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Year : 2018  |  Volume : 39  |  Issue : 1  |  Page : 28-34

Cognitive dysfunction in depressive and mixed episodes of bipolar disorder and major depressive disorder: is there a difference? egyptian experience

Department of Neurology and Psychiatry, Faculty of Medicine, University of Alexandria, Alexandria, Egypt

Correspondence Address:
Hesham A Sheshtawy
Department of Neurology and Psychiatry, Faculty of Medicine, University of Alexandria, Alexandria, 21525
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Source of Support: None, Conflict of Interest: None

DOI: 10.4103/ejpsy.ejpsy_27_17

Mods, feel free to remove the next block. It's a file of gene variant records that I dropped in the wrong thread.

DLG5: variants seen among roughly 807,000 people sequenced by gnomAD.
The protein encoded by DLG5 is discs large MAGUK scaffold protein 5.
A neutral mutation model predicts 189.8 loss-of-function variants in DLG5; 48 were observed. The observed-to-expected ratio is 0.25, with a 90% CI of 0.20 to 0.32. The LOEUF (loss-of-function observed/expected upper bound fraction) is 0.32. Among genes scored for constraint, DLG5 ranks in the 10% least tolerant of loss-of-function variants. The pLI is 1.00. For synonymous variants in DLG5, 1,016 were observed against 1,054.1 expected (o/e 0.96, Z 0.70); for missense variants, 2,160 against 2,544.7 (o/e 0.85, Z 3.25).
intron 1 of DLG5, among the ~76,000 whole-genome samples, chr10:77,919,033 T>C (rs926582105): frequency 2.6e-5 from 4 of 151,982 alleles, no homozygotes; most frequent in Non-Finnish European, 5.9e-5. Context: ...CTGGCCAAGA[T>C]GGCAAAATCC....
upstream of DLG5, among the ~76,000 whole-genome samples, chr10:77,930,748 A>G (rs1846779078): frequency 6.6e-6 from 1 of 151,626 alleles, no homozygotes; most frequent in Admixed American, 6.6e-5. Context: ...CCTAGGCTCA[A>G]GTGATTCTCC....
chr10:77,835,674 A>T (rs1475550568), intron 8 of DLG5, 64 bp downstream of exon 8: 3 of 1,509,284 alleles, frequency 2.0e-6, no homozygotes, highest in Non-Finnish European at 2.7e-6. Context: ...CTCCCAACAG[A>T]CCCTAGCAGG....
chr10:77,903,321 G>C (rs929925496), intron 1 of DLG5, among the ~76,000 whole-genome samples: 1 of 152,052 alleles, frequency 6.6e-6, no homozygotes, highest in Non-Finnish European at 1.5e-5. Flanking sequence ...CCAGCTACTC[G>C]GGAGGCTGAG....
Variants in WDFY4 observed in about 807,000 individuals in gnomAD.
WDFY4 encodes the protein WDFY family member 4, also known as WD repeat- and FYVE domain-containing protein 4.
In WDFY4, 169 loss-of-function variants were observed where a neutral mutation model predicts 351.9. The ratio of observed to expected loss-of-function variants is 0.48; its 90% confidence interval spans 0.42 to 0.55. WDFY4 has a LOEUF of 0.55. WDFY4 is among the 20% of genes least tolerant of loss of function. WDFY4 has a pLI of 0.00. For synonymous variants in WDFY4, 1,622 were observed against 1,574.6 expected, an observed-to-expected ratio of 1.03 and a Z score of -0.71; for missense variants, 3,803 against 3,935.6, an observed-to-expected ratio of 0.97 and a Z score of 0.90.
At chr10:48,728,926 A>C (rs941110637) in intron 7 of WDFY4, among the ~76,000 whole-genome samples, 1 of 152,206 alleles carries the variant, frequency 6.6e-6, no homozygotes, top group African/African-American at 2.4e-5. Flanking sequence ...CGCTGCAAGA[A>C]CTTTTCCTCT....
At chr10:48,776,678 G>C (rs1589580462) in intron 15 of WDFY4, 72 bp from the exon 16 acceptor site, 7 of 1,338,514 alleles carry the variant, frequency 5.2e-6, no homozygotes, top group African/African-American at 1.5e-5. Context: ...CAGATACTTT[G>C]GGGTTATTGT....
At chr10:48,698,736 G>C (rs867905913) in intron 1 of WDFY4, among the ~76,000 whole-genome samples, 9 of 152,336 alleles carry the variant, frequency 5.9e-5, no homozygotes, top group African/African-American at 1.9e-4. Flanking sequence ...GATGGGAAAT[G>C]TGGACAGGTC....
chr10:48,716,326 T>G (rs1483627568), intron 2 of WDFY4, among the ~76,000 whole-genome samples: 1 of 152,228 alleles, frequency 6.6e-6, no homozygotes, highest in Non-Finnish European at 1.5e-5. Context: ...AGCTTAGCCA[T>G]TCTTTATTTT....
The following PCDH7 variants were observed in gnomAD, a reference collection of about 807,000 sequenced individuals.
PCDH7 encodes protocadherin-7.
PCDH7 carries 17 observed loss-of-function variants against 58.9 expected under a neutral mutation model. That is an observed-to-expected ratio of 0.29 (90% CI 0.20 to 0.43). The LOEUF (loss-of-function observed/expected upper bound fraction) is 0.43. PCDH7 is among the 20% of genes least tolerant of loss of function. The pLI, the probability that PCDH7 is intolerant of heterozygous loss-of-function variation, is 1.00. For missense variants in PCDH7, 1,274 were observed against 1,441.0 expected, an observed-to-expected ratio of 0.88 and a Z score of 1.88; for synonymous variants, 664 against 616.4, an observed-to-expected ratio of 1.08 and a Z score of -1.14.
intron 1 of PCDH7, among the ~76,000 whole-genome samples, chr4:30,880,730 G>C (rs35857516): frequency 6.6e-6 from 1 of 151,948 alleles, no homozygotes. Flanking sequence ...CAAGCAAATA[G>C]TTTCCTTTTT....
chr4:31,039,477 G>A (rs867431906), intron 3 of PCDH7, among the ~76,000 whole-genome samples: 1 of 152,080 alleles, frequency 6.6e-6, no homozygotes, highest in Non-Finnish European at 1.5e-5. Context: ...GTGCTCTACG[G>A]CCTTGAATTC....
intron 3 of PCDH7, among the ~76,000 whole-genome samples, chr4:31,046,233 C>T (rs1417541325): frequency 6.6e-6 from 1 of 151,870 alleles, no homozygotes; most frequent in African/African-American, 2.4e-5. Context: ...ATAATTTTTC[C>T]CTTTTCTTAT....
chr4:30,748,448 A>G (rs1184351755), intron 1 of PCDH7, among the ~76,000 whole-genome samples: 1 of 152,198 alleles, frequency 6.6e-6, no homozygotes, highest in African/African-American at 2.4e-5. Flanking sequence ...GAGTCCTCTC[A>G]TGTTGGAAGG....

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Background Depressive episodes are present in both bipolar disorder (BD) and major depressive disorder (MDD). Do cognitive dysfunction symptoms of depressive episode differ according to the disorder (MDD or BD)? Aim of the work This work aimed to study the cognitive functions among patients with BD (depressive or mixed) and MDD during relapse. Patients and methods This study included 90 patients during relapse diagnosed according to Diagnostic and Statistical Manual of Mental Disorders, 4th ed., Text Revision (DSM-IV-TR) (30 bipolar mixed, 30 bipolar depression, and 30 major depression) and 30 control participants. They were compared in terms of the severity of depression (using the Hamilton Depression Rating Scale), working memory (using the digit span test), processing speed (using the digit symbol test and trail making test A), verbal fluency (using the verbal fluency test), and executive function (using trail making test B). Results The scores of BD patients were significantly worse than those of MDD patients in digit span tests (forward and backward), digit symbol test, verbal fluency test, and trail making tests (A and B). No significant difference was found between bipolar depression patients and bipolar mixed patients in the patterns of cognitive dysfunctions and the severity of cognitive dysfunctions. Conclusion Bipolar patients experience significantly greater impairment than major depression patients. Other differentiators between the two disorders were that BD have lower age of illness onset, higher number of previous episodes, higher numbers of previous hospitalizations, and greater presence of psychotic features than MDD.

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